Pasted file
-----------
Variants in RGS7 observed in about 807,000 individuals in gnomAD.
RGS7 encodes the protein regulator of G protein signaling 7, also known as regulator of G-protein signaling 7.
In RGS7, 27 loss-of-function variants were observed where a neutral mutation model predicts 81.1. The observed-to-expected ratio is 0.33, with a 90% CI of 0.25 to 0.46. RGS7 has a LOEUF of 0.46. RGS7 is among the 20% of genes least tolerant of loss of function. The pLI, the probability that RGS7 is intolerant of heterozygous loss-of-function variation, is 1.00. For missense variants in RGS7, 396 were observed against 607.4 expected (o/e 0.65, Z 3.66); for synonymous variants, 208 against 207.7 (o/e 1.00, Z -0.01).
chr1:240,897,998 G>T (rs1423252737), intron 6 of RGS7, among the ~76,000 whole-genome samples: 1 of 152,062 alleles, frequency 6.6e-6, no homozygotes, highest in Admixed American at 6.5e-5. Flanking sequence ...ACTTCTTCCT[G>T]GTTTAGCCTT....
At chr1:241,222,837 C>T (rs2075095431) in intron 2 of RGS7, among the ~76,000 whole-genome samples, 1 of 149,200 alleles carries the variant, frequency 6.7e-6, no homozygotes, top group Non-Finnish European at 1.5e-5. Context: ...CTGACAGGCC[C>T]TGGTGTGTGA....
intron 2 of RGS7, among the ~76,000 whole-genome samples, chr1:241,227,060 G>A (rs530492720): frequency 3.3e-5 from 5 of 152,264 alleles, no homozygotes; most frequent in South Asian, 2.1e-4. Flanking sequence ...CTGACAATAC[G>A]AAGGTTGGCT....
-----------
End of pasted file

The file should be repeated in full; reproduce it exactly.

Variants in RGS7 observed in about 807,000 individuals in gnomAD.
RGS7 encodes the protein regulator of G protein signaling 7, also known as regulator of G-protein signaling 7.
In RGS7, 27 loss-of-function variants were observed where a neutral mutation model predicts 81.1. The observed-to-expected ratio is 0.33, with a 90% CI of 0.25 to 0.46. RGS7 has a LOEUF of 0.46. RGS7 is among the 20% of genes least tolerant of loss of function. The pLI, the probability that RGS7 is intolerant of heterozygous loss-of-function variation, is 1.00. For missense variants in RGS7, 396 were observed against 607.4 expected (o/e 0.65, Z 3.66); for synonymous variants, 208 against 207.7 (o/e 1.00, Z -0.01).
chr1:240,897,998 G>T (rs1423252737), intron 6 of RGS7, among the ~76,000 whole-genome samples: 1 of 152,062 alleles, frequency 6.6e-6, no homozygotes, highest in Admixed American at 6.5e-5. Flanking sequence ...ACTTCTTCCT[G>T]GTTTAGCCTT....
At chr1:241,222,837 C>T (rs2075095431) in intron 2 of RGS7, among the ~76,000 whole-genome samples, 1 of 149,200 alleles carries the variant, frequency 6.7e-6, no homozygotes, top group Non-Finnish European at 1.5e-5. Context: ...CTGACAGGCC[C>T]TGGTGTGTGA....
intron 2 of RGS7, among the ~76,000 whole-genome samples, chr1:241,227,060 G>A (rs530492720): frequency 3.3e-5 from 5 of 152,264 alleles, no homozygotes; most frequent in South Asian, 2.1e-4. Flanking sequence ...CTGACAATAC[G>A]AAGGTTGGCT....